A Parliament of Spies: A Mystery by Cassandra Clark
Minotaur Books, January 31, 2012
320p hb $25.99
Review copy provided by the publisher via HNR, thank you!
Review originally written for Historical Novels Review Magazine
Burton Book Review Rating:
All the danger and intrigue of 14th-century England spring to life in this "compelling" (Publishers Weekly) series about the brave, incorruptible Abbess of Meaux.
Abbess Hildegard may consider herself “just a nun with no useful skills or connections,” yet her loyalty and intelligence have brought her to the attention of King Richard II himself—not the safest place to be, when the king has enemies on all sides. As Hildegard wrestles with her role as a spy in the parliament that is hastily gathering at Westminster, Cassandra Clark shows us the human side of history, giving readers new reason to follow Publishers Weekly’s rallying cry: “Medievalists rejoice!”
This fourth installment featuring Abbess Hildegard is a historical mystery set against the tumultuous times during the reign of Richard II in the 14th century. The Abbess of Meaux series focuses on Hildegard and some of her loyal friends as they try to uncover various treasonous and murderous plots. The mistrust between the barons and the King are emphasized as Hildegard investigates the mysterious deaths that occur around Archbishop Neville’s retinue. The Archbishop trusts Hildegard with secrets and relics as she progresses through England looking over her shoulder for her husband who was once declared dead.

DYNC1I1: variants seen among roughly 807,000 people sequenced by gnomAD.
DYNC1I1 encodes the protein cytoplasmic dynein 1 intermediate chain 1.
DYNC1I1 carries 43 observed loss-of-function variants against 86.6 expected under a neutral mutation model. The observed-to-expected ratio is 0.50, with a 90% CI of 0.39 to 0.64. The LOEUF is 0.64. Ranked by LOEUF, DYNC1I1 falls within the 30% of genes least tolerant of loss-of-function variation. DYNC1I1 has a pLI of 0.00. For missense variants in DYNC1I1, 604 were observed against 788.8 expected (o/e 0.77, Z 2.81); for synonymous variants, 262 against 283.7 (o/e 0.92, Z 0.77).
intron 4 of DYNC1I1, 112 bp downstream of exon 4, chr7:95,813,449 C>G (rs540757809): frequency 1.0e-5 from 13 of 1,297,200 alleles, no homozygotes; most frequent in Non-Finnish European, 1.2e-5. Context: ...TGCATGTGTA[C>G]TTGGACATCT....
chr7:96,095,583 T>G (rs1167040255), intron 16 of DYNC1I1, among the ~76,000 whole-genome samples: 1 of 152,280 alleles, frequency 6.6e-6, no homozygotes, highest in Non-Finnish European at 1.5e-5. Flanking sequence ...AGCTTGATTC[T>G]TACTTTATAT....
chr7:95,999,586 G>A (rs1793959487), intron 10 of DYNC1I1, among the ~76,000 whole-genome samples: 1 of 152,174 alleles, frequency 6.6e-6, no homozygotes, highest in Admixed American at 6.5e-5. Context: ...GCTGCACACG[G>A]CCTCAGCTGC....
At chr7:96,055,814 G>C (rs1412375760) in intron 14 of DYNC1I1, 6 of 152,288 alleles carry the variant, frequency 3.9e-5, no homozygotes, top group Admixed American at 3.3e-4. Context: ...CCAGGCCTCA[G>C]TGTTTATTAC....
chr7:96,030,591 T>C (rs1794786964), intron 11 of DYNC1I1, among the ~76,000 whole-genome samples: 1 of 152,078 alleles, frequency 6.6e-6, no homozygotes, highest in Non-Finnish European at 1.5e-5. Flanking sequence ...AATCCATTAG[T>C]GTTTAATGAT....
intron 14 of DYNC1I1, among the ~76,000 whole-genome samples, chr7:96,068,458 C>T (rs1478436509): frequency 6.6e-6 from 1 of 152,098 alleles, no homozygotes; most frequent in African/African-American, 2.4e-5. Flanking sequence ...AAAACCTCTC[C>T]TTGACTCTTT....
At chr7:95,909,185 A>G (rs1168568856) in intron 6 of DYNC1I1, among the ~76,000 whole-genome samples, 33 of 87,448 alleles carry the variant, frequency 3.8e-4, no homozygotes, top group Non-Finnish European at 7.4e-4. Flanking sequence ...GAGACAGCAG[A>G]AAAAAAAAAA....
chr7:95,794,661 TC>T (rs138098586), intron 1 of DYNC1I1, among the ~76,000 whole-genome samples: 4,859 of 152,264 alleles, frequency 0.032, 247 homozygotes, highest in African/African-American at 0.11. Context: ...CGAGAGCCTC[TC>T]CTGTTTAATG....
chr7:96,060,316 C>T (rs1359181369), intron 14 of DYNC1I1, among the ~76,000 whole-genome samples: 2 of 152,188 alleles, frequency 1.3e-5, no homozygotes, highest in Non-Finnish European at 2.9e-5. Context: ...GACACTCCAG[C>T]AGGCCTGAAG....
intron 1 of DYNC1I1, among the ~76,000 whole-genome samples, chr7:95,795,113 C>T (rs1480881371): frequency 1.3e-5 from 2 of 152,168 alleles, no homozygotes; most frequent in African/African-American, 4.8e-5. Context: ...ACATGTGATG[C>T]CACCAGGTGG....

While there certainly could be interesting history to Hildegard’s character, newcomers to the series are left wondering who exactly she is. While one would believe the term “abbess” as referring to a devout person, the actions of Hildegard do not represent the trait although her thoughts portray her doubts of faith. The dramatic times of unrest in which Henry Bolingbroke made a name for himself were downplayed enough to make the entire story appear dull and lackluster, as the connections of the commoners and the nobles very slowly unraveled. The tone of the book suggests well researched material, but the lack of empathy for the characters makes it a tedious read and the generalization of the politics and characters did not live up to the story’s full potential. The novel is best suited for those readers who have introduced themselves to Hildegard with one of the previous works by Cassandra Clark, with a prerequisite of knowledge of the political machinations among the factions surrounding Richard II’s courtiers.